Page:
Note: Most of these bottlings have limited distribution.
Whether labeled as hemp, “hemp seed” or “cannabis sativa seed,” if you see a weed-adjacent spirit on a shelf in the U.S., it’s 100% certain that hemp is what was used in the bottle. It’s not often advertised for use in cocktails, but hemp oil is widely available at health food stores, which makes it an easy addition for drinks.
“It’s the Wild West out there,” says Paul Hletko, founder of FEW Spirits, based in Evanston, Illinois. He’s also an investor in Sterling Beach, a cannabis investment fund. Such experimentation may be exciting, but grandiose claims in the budding industry often amount to little more than smoke and mirrors. He advises a “buyer beware” approach.
Hemp oil is made from the seeds of hemp plants. These strains of the Cannabis sativa L. are bred to have only trace amounts of THC, defined in the Controlled Substances Act (CSA) as those containing “not more than 0.3% [THC] on a dry weight basis.” The CSA no longer classifies hemp as marijuana, although the plant’s structure is similar in many ways.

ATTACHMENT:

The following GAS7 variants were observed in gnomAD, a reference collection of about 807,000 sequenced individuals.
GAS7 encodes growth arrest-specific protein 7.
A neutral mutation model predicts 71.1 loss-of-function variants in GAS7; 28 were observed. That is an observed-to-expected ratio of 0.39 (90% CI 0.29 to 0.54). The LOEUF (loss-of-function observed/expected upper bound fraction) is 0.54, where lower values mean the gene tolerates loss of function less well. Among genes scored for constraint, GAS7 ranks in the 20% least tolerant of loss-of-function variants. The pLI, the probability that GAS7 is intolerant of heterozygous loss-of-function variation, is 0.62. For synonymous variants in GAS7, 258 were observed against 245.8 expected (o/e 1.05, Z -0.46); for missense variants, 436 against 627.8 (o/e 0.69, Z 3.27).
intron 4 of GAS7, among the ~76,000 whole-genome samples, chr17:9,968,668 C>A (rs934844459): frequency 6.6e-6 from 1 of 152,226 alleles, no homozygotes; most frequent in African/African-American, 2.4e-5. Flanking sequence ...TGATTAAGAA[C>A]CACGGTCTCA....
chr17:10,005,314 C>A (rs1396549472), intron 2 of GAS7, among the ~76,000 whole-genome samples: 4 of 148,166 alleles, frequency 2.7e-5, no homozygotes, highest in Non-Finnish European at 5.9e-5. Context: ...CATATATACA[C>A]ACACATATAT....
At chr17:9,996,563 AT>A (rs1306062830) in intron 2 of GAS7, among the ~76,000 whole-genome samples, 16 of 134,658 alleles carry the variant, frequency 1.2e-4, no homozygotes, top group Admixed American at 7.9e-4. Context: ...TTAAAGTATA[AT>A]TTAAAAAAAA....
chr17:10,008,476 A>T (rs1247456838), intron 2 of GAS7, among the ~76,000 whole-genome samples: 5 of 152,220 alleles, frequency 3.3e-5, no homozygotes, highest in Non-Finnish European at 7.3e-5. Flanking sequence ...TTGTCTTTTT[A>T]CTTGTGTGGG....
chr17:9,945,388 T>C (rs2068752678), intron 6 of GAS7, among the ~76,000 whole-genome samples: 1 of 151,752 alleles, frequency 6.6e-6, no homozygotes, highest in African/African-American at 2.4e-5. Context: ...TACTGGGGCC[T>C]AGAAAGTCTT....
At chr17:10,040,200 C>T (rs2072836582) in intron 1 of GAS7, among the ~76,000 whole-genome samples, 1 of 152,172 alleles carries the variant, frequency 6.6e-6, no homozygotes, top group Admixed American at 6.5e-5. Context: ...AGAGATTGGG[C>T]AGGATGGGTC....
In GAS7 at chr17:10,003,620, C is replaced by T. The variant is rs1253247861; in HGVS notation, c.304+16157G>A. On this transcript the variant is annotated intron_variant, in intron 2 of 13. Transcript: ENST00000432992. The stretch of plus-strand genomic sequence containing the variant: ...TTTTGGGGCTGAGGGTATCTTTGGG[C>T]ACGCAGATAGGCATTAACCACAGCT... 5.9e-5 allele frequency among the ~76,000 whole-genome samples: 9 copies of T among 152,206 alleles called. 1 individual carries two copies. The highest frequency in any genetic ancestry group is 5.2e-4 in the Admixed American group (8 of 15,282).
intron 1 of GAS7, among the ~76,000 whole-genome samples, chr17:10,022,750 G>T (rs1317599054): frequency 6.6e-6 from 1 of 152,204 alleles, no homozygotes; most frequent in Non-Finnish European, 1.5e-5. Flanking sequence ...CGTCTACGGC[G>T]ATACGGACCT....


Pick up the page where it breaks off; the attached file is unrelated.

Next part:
As the legalization of marijuana continues across the U.S., spirits producers are seeking ways to get on board. Their efforts mirror the rise in cannabis-infused beer and the ongoing interest in wine and weed.
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Humboldt’s Finest: A cannabis seed-infused vodka. Humboldt Distillery, Humboldt County, CA.
Fill a shaker three-fourths full with ice. Place remaining ice in prepared glass.
1 ½ cups ice cubes
Combine vodka and orange juice in a highball glass and stir to combine. Add ice. Garnish with orange slices if desired.
Orange or lime twist (for serving)
6 ounces orange juice
2 ounces cranberry juice
1 ounce cranberry juice cocktail
1 ½ ounces Papa™ Peruvian vodka
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